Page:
I’ve noted a couple times this year that one of my goals for 2017 was a new role in my career. I have news on that front. Kind of. It isn’t as simple an answer as laying out a new role, it is more of the first steps on a new path…
- First — my wrist problems that were causing me to be unable to perform well as a coder are corrected. Short end to a long, drawn out painful episode. It is now over and I can code all day without pain.
- Second — The discussions with my work about getting a new role because of the aforementioned inability to code are over. The decision came down to keep me where I am. Of course, because that decision came down after 6+ months of talking about a new role, and BEFORE I told them that my wrist was corrected, it was a huge breach of trust, so I’m pretty much done with being an “engaged employee” at my job.
- Third — Despite not caring about my job anymore, I do still have a work ethic, and I can perform my job appropriately. It does bring in the paychecks. And I know this tech and this codebase. I can write a book about the problems with this job, but I know it, and despite the events of 2017, there is good history prior to 2017, so if I stay here despite the problems, it gives me an opportunity to slowly set myself up to do something completely different. And it gives them a chance to fix problems. If they want to.
So the question I have to ask myself is the same question I have asked multiple friends who have found themselves laid off, as an older tech worker, not quite sure what their next move in life should be. There are certainly tech jobs around. But… my post from a while back explains why just going out and getting a job isn’t an exciting answer. So the question is a cliche, but… where do I want to be in 5 years? I don’t mean in a narrow sense of what job do I want to be in, but as someone with a large chunk of life behind me, and also hopefully ahead of me, and a family partly raised, but also with a ways to go… in 5 years, what do I want that family and career life to look like, if I could really draw my ideal life?
I’ve been thinking about that question ever since that start of this year, and if I throw out all preconceived notions, and really look at what I love to do… what activities have I truly enjoyed during my life, what do I still love, what do I want to share with my family, and how could I make a living doing those things? And I have answers to those questions which lead me down a path that is not going to be simple and easy, and might not be as lucrative as a software engineering job, but might make a happier and healthier life for me and my family in the long run.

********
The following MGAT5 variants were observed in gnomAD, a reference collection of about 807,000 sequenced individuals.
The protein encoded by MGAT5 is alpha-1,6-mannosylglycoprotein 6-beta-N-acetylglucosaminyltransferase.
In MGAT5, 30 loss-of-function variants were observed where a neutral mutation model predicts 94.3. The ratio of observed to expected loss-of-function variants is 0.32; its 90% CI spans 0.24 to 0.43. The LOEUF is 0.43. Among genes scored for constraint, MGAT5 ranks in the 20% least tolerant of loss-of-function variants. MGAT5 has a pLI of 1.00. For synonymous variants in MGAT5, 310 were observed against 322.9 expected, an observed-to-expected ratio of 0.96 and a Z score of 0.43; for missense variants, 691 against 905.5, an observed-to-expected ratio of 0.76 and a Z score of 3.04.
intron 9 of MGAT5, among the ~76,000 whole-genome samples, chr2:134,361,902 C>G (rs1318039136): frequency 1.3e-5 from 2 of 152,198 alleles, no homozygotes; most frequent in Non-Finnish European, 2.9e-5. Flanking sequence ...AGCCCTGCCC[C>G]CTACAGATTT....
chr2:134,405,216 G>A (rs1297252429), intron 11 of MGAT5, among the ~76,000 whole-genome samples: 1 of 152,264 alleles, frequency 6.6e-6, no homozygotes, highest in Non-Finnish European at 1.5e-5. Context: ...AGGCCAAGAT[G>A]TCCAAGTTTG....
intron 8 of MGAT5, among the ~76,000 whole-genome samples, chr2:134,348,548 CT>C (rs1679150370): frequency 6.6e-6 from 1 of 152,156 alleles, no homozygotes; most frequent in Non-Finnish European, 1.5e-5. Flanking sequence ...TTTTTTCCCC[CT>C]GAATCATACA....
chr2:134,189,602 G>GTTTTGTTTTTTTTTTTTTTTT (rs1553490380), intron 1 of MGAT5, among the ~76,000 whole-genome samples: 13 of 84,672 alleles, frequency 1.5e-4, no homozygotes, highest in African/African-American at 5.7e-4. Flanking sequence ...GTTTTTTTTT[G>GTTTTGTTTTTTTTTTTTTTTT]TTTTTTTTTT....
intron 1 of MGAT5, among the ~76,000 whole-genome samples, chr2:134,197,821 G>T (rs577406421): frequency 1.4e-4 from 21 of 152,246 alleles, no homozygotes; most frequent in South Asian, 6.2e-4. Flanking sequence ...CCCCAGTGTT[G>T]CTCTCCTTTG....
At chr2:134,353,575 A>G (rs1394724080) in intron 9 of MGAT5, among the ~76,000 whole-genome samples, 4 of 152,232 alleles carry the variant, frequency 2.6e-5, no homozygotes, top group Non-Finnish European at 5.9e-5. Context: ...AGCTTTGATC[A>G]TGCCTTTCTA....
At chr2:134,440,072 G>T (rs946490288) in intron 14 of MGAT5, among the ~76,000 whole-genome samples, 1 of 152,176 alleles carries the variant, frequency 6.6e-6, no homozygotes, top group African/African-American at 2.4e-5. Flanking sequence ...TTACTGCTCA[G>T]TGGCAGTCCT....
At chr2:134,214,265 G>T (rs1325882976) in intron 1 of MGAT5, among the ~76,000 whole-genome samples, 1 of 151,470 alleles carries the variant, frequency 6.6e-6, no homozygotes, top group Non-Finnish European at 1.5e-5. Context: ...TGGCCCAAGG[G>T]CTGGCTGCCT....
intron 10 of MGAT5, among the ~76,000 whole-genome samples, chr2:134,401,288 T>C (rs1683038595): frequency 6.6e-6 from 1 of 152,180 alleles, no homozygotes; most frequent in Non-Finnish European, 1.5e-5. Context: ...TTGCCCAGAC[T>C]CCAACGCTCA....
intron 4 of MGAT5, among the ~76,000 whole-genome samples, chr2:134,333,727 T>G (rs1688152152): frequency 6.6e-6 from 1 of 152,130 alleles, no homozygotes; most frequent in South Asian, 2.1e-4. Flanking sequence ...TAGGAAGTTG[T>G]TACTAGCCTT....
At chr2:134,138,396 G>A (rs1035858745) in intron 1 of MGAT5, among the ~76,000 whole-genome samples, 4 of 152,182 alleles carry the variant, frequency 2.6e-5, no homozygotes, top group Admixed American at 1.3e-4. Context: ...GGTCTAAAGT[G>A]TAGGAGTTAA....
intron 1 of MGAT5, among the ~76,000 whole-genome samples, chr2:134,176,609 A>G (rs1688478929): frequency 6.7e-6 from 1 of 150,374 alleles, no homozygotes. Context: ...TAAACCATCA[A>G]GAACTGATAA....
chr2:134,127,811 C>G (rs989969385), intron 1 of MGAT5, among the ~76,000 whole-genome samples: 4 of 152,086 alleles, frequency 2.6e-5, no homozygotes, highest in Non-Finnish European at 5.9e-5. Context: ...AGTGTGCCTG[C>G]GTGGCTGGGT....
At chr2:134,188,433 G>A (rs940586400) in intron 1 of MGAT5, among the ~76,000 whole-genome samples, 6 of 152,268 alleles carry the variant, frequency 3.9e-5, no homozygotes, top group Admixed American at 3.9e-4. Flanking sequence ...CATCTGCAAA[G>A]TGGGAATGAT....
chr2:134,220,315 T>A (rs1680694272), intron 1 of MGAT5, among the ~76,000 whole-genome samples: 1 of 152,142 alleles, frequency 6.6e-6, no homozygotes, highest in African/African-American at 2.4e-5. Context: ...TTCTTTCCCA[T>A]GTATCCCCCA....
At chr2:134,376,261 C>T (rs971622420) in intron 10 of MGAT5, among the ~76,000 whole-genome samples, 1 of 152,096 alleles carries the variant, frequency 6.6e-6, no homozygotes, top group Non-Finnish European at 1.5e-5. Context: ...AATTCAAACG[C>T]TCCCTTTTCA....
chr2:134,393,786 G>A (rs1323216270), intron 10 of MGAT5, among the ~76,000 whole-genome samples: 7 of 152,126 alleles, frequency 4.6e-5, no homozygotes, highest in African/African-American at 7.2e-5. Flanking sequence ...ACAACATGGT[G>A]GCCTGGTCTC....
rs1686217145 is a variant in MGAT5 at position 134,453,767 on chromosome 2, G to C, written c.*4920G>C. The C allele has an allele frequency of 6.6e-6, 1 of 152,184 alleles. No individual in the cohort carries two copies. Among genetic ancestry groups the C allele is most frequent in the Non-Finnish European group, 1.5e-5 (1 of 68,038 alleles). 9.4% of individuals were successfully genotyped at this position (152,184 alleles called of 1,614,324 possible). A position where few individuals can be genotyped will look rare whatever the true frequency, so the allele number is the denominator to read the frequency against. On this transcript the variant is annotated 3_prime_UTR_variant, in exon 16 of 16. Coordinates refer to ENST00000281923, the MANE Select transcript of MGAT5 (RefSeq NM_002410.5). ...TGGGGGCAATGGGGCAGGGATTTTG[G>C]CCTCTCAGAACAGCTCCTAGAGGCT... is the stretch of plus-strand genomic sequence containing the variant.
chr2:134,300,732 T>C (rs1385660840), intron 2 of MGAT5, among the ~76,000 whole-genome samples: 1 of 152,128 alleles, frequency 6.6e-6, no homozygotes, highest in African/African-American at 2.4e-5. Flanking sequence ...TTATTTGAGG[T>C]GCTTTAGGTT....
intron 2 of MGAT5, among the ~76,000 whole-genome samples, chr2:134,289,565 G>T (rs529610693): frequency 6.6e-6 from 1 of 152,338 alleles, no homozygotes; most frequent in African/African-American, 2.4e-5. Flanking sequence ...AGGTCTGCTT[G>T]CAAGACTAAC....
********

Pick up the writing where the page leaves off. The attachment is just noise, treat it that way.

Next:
Lets start with what activities I have truly enjoyed — hiking, exploring, spending time with friends/family, and making things. That is really it. Nothing else I have done really matters to me. I couldn’t care less about any software I have written or career accomplishments, but the artwork I’ve done means something to me, the mountains I have climbed are great memories, and my time with the people in my life matters to me.
So I want to continue those things. Get out in the world, explore it, make things, and spend time with people. And believe it or not, the last few years of exploring Utah may have opened up a way for us to do that. Because I’ve recently started to explore rock carving. I’ve always loved sculpture, but never had the time, space, or energy to really build out a sculpture studio. I’ve wanted to for most of my adult life, but just never did. Now that I am carving rocks, I am realizing that maybe this small-scale sculptural medium is the answer to everything… I can explore the Rockies and deserts to collect material, and bring my family with me. I can carve that material into new objects, and sell them. There are trade shows all over to buy other materials for carving, or to sell my finished works. And I can make jewelry and other such things from the scraps of the materials that I don’t using in my carvings. And in my travels to shows and exploring for new materials, I can visit friends and family, and we can do road trips with my own family.
Now, clearly drawing that picture in my mind and making it happen in real life with enough success to support the family are two different things. But that is why I am still working my job. In short, if they want me to sit and write code for them for a couple years until the VC firm at the top of all this flips us, fine. They get their code, I get paychecks while I level up my carving skills and work on building up a non-tech business as a small-scale carver/sculptor.
This is my plan. I don’t know if it will succeed. If we have another round of layoffs at my job, maybe I’ll have to get another job which won’t give me the flexibility to do this, or maybe I just won’t be good enough, or maybe I won’t find buyers… anything can go wrong. But I definitely won’t get to that ideal vision if I do not try. So, I’m going to let my employer fund my efforts to change my career path. And hopefully in a year or so, it will end up working out well for everyone involved, and we all go our own ways, happy for the end result…